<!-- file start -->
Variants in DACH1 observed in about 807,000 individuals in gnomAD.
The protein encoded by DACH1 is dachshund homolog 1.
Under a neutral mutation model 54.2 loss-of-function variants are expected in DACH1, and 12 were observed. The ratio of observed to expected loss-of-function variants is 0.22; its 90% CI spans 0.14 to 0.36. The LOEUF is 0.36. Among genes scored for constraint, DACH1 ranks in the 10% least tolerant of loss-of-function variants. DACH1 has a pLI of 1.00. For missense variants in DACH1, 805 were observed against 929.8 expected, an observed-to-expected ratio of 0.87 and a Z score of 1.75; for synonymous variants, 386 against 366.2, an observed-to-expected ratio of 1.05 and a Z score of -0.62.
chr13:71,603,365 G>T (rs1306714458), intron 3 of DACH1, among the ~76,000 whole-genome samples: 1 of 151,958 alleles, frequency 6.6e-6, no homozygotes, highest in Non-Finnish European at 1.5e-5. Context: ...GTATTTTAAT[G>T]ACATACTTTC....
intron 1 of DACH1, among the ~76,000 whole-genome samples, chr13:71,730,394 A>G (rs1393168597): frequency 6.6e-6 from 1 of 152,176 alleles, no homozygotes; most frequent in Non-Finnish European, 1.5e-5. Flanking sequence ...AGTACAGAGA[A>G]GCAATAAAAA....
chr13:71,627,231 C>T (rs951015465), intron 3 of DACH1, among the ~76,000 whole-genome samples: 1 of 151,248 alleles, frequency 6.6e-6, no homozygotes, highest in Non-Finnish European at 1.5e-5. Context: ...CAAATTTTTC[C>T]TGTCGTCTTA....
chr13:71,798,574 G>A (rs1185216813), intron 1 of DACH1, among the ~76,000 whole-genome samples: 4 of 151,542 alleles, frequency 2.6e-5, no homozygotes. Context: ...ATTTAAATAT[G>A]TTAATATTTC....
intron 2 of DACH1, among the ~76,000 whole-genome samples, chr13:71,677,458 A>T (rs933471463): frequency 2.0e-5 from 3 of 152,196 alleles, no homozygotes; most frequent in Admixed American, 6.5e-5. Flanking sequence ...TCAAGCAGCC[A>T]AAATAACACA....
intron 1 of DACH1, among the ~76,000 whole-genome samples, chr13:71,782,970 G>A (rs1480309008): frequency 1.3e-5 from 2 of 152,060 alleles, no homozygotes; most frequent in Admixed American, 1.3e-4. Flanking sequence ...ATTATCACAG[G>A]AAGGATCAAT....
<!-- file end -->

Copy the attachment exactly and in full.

Variants in DACH1 observed in about 807,000 individuals in gnomAD.
The protein encoded by DACH1 is dachshund homolog 1.
Under a neutral mutation model 54.2 loss-of-function variants are expected in DACH1, and 12 were observed. The ratio of observed to expected loss-of-function variants is 0.22; its 90% CI spans 0.14 to 0.36. The LOEUF is 0.36. Among genes scored for constraint, DACH1 ranks in the 10% least tolerant of loss-of-function variants. DACH1 has a pLI of 1.00. For missense variants in DACH1, 805 were observed against 929.8 expected, an observed-to-expected ratio of 0.87 and a Z score of 1.75; for synonymous variants, 386 against 366.2, an observed-to-expected ratio of 1.05 and a Z score of -0.62.
chr13:71,603,365 G>T (rs1306714458), intron 3 of DACH1, among the ~76,000 whole-genome samples: 1 of 151,958 alleles, frequency 6.6e-6, no homozygotes, highest in Non-Finnish European at 1.5e-5. Context: ...GTATTTTAAT[G>T]ACATACTTTC....
intron 1 of DACH1, among the ~76,000 whole-genome samples, chr13:71,730,394 A>G (rs1393168597): frequency 6.6e-6 from 1 of 152,176 alleles, no homozygotes; most frequent in Non-Finnish European, 1.5e-5. Flanking sequence ...AGTACAGAGA[A>G]GCAATAAAAA....
chr13:71,627,231 C>T (rs951015465), intron 3 of DACH1, among the ~76,000 whole-genome samples: 1 of 151,248 alleles, frequency 6.6e-6, no homozygotes, highest in Non-Finnish European at 1.5e-5. Context: ...CAAATTTTTC[C>T]TGTCGTCTTA....
chr13:71,798,574 G>A (rs1185216813), intron 1 of DACH1, among the ~76,000 whole-genome samples: 4 of 151,542 alleles, frequency 2.6e-5, no homozygotes. Context: ...ATTTAAATAT[G>A]TTAATATTTC....
intron 2 of DACH1, among the ~76,000 whole-genome samples, chr13:71,677,458 A>T (rs933471463): frequency 2.0e-5 from 3 of 152,196 alleles, no homozygotes; most frequent in Admixed American, 6.5e-5. Flanking sequence ...TCAAGCAGCC[A>T]AAATAACACA....
intron 1 of DACH1, among the ~76,000 whole-genome samples, chr13:71,782,970 G>A (rs1480309008): frequency 1.3e-5 from 2 of 152,060 alleles, no homozygotes; most frequent in Admixed American, 1.3e-4. Flanking sequence ...ATTATCACAG[G>A]AAGGATCAAT....